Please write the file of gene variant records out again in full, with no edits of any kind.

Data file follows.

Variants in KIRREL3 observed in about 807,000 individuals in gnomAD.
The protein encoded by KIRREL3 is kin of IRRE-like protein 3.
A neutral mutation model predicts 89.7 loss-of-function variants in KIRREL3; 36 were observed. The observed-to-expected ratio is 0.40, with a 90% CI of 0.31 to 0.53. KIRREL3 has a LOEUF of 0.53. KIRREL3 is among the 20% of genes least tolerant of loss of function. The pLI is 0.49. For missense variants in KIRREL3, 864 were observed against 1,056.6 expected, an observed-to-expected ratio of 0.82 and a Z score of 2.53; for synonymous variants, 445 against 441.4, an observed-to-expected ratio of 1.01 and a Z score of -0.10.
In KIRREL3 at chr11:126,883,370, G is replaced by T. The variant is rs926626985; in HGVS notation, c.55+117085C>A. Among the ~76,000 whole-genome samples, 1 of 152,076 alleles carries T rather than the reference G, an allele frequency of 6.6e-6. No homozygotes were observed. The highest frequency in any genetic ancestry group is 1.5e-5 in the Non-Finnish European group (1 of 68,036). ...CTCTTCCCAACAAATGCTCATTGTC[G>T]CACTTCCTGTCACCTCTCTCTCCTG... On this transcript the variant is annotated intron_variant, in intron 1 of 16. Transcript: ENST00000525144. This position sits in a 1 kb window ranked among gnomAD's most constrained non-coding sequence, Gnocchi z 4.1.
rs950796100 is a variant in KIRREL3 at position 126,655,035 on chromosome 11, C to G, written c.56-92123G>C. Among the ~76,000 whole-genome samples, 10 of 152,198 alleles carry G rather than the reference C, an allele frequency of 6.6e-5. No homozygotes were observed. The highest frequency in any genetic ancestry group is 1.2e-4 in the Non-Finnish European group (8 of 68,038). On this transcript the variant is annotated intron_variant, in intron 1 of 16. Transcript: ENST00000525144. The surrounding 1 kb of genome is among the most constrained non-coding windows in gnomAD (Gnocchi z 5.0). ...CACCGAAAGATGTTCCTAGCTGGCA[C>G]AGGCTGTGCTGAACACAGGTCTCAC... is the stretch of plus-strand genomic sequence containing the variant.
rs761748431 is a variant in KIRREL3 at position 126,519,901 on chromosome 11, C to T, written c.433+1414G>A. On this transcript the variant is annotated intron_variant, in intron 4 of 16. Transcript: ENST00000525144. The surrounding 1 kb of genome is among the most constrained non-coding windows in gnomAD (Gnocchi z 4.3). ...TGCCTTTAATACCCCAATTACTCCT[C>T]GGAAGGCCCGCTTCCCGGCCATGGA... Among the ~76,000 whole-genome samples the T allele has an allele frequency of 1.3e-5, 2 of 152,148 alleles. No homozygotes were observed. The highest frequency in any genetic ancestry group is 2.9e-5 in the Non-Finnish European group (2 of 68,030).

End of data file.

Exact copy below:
Variants in KIRREL3 observed in about 807,000 individuals in gnomAD.
The protein encoded by KIRREL3 is kin of IRRE-like protein 3.
A neutral mutation model predicts 89.7 loss-of-function variants in KIRREL3; 36 were observed. The observed-to-expected ratio is 0.40, with a 90% CI of 0.31 to 0.53. KIRREL3 has a LOEUF of 0.53. KIRREL3 is among the 20% of genes least tolerant of loss of function. The pLI is 0.49. For missense variants in KIRREL3, 864 were observed against 1,056.6 expected, an observed-to-expected ratio of 0.82 and a Z score of 2.53; for synonymous variants, 445 against 441.4, an observed-to-expected ratio of 1.01 and a Z score of -0.10.
In KIRREL3 at chr11:126,883,370, G is replaced by T. The variant is rs926626985; in HGVS notation, c.55+117085C>A. Among the ~76,000 whole-genome samples, 1 of 152,076 alleles carries T rather than the reference G, an allele frequency of 6.6e-6. No homozygotes were observed. The highest frequency in any genetic ancestry group is 1.5e-5 in the Non-Finnish European group (1 of 68,036). ...CTCTTCCCAACAAATGCTCATTGTC[G>T]CACTTCCTGTCACCTCTCTCTCCTG... On this transcript the variant is annotated intron_variant, in intron 1 of 16. Transcript: ENST00000525144. This position sits in a 1 kb window ranked among gnomAD's most constrained non-coding sequence, Gnocchi z 4.1.
rs950796100 is a variant in KIRREL3 at position 126,655,035 on chromosome 11, C to G, written c.56-92123G>C. Among the ~76,000 whole-genome samples, 10 of 152,198 alleles carry G rather than the reference C, an allele frequency of 6.6e-5. No homozygotes were observed. The highest frequency in any genetic ancestry group is 1.2e-4 in the Non-Finnish European group (8 of 68,038). On this transcript the variant is annotated intron_variant, in intron 1 of 16. Transcript: ENST00000525144. The surrounding 1 kb of genome is among the most constrained non-coding windows in gnomAD (Gnocchi z 5.0). ...CACCGAAAGATGTTCCTAGCTGGCA[C>G]AGGCTGTGCTGAACACAGGTCTCAC... is the stretch of plus-strand genomic sequence containing the variant.
rs761748431 is a variant in KIRREL3 at position 126,519,901 on chromosome 11, C to T, written c.433+1414G>A. On this transcript the variant is annotated intron_variant, in intron 4 of 16. Transcript: ENST00000525144. The surrounding 1 kb of genome is among the most constrained non-coding windows in gnomAD (Gnocchi z 4.3). ...TGCCTTTAATACCCCAATTACTCCT[C>T]GGAAGGCCCGCTTCCCGGCCATGGA... Among the ~76,000 whole-genome samples the T allele has an allele frequency of 1.3e-5, 2 of 152,148 alleles. No homozygotes were observed. The highest frequency in any genetic ancestry group is 2.9e-5 in the Non-Finnish European group (2 of 68,030).